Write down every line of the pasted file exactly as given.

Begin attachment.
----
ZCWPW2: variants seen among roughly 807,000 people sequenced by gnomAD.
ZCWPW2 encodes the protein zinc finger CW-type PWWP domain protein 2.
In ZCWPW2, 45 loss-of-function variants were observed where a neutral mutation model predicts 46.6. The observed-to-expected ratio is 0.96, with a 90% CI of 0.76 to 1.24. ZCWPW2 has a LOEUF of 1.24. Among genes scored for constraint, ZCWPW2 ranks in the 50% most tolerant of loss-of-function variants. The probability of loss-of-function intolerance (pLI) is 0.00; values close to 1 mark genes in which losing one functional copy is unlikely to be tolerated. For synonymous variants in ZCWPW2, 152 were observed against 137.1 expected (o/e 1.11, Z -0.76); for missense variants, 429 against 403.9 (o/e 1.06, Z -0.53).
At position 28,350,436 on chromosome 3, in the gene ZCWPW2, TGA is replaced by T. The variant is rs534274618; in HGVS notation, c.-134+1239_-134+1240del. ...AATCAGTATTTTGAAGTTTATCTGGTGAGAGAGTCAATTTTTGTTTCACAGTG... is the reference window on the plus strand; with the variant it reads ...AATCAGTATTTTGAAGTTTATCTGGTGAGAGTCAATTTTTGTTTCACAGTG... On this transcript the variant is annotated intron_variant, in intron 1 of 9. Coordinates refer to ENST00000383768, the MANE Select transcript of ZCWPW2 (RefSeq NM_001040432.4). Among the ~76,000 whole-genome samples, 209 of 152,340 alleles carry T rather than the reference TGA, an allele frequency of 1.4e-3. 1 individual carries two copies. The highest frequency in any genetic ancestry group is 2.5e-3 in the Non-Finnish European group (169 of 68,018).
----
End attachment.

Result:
ZCWPW2: variants seen among roughly 807,000 people sequenced by gnomAD.
ZCWPW2 encodes the protein zinc finger CW-type PWWP domain protein 2.
In ZCWPW2, 45 loss-of-function variants were observed where a neutral mutation model predicts 46.6. The observed-to-expected ratio is 0.96, with a 90% CI of 0.76 to 1.24. ZCWPW2 has a LOEUF of 1.24. Among genes scored for constraint, ZCWPW2 ranks in the 50% most tolerant of loss-of-function variants. The probability of loss-of-function intolerance (pLI) is 0.00; values close to 1 mark genes in which losing one functional copy is unlikely to be tolerated. For synonymous variants in ZCWPW2, 152 were observed against 137.1 expected (o/e 1.11, Z -0.76); for missense variants, 429 against 403.9 (o/e 1.06, Z -0.53).
At position 28,350,436 on chromosome 3, in the gene ZCWPW2, TGA is replaced by T. The variant is rs534274618; in HGVS notation, c.-134+1239_-134+1240del. ...AATCAGTATTTTGAAGTTTATCTGGTGAGAGAGTCAATTTTTGTTTCACAGTG... is the reference window on the plus strand; with the variant it reads ...AATCAGTATTTTGAAGTTTATCTGGTGAGAGTCAATTTTTGTTTCACAGTG... On this transcript the variant is annotated intron_variant, in intron 1 of 9. Coordinates refer to ENST00000383768, the MANE Select transcript of ZCWPW2 (RefSeq NM_001040432.4). Among the ~76,000 whole-genome samples, 209 of 152,340 alleles carry T rather than the reference TGA, an allele frequency of 1.4e-3. 1 individual carries two copies. The highest frequency in any genetic ancestry group is 2.5e-3 in the Non-Finnish European group (169 of 68,018).